Hosea 4:1-3 (RSV) says, “Hear the word of the Lord, O people of Israel; for the Lord has a controversy with the inhabitants of the land. There is no faithfulness or kindness, and no knowledge of God in the land; there is swearing, lying, killing, stealing, and committing adultery; they break all bounds and murder follows murder. Therefore the land mourns, and all who dwell in it languish, and also the beasts of the field, and the birds of the air; and even the fish of the sea are taken away.”

    Duane said:
    “If we don’t take conservation seriously, how will God respond (for those of you who still think he acts today)?”

    I think we know how he will respond. He’ll allow us to continue to wallow in the filth we create for ourselves and he will cease to bless us with continued resources.

    Last I checked, the U.S. was still doing pretty well economically, and no one’s complaining too hard about the lack of farmland, timber, clean drinking water, etc. Why is that?

    I think there are two reasons.

    (1)We realized not too long ago that we had to be more responsible with our resources. Environmentalism finally brought industrialism into check. We also realized that cleaning up messes is more expensive (and a poorer use of resources) than putting some forethought and front end expense into cleaner systems.

    (2) I don’t think that the U.S. has fully met the criteria in Hosea 3:1, “…There is no faithfulness or kindness, and no knowledge of God in the land.”

    Personally, I’m a lot more concerned about the lying, swearing, stealing, killing, adultery, etc. than the way our economy works.

  12. juvenal_urbino Says:

    “Personally, I’m a lot more concerned about the lying, swearing, stealing, killing, adultery, etc. than the way our economy works.”

    From what I’ve seen, that largely is the way our economy works. The only thing you missed is greed.

  13. Duane McCrory Says:

    I’ll start by showing my own ignorance of all the issues related to environmental conservation. I recently have read and seen several reports related to the global warming that many are now agreeing is taking place. This global warming is related to our use of fossil fuels and the emission of greenhouse gasses that this causes. Last time I lived in Southern California (1989-90), because of the treated sewage dumped into the bay, it was often not safe to swim.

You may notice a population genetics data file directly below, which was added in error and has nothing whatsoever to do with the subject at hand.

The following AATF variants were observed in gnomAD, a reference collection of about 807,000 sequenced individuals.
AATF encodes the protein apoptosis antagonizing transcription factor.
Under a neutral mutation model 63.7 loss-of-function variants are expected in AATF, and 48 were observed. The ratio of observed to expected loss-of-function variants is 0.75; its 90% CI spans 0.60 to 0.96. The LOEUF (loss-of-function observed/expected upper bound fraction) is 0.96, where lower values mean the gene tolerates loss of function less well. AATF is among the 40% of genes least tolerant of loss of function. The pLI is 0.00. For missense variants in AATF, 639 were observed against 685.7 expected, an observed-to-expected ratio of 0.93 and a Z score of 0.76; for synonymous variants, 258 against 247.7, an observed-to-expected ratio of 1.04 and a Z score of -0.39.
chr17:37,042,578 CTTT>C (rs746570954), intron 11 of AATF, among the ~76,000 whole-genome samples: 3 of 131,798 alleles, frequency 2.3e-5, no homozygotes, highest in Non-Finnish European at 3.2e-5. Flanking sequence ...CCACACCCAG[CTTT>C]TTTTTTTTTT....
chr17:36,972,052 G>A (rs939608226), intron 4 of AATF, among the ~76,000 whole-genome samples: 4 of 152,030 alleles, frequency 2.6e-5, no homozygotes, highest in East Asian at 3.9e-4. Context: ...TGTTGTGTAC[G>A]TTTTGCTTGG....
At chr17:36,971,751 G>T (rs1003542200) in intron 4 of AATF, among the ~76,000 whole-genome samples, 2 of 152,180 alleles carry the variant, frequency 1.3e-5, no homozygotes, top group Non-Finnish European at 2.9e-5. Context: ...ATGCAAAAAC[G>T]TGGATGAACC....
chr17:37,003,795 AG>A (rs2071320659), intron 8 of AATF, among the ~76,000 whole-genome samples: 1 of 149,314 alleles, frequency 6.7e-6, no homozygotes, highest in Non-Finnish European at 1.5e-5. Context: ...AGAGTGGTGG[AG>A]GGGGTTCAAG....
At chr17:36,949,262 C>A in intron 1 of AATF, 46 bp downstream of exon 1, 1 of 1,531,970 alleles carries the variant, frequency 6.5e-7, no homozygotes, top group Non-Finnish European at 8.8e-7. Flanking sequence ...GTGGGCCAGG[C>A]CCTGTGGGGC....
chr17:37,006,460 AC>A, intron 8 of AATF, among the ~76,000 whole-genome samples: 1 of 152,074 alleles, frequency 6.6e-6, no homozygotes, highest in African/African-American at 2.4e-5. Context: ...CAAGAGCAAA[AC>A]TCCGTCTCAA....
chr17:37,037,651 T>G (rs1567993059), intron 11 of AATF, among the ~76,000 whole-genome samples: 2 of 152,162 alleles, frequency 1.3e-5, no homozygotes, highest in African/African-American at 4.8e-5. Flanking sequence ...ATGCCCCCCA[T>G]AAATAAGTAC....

Juvenal said:
    “Why do we need to drill for oil in the Alaska National Wildlife Refuge? Because 9/11 changed everything.”

    I doubt many would consider these to be responsible uses of resources. I only mention several here to give an example.

    Joe said:
    “Environmentalism finally brought industrialism into check.”

    I’m not sure if everyone would agree with this assessment, but I will once again state my ignorance on this and hope that someone more knowledgeable than I will discuss this point.

    To discuss Hosea a little bit more and point out the connection I see as it relates to the entire book of Hosea, rather than just 4:1-2, let me quote what
    Joe said:
    “(2) I don’t think that the U.S. has fully met the criteria in Hosea 3:1, “…There is no faithfulness or kindness, and no knowledge of God in the land.”
    Personally, I’m a lot more concerned about the lying, swearing, stealing, killing, adultery, etc. than the way our economy works.”

    Hosea 4:1-2 (this is the verse you are quoting, just for the slight correction on chapter number) needs to be connected in its entirely. Verse 2 explains what is meant by verse 1. To say that there is no faithfulness or kindness and no knowledge of God is shown by the actions of swearing, lying, killing, stealing, committing adultery and murdering. If there was knowledge of God and faithfulness to covenant, the latter would not take place. Because the people do not know God and are unfaithful to his covenant, they do the wicked things he hates. These are inseparable and the Hebrew bears it out. The latter explains what is meant by the former. America’s lying, swearing, stealing, killing and adultery also show that there is no knowledge of God in this land or faithfulness to him. To say that this is a true statement generally is to say the same of the Northern Kingdom in Hosea’s day. Does this mean that everyone is that way? Of course not. Absolutely everyone was not like that in Hosea’s day either. For example, Hosea was a faithful prophet (as was Amos, his contemporary who also prophesied in the Northern Kingdom), though God had a contention with other prophets of the time period (see Hosea 9:7-8). Are we that much different than they? I’ll leave that up to the readers’ opinions.

    Joe said:
    “I think we know how he will respond. He’ll allow us to continue to wallow in the filth we create for ourselves and he will cease to bless us with continued resources.

    Last I checked, the U.S. was still doing pretty well economically, and no one’s complaining too hard about the lack of farmland, timber, clean drinking water, etc. Why is that?”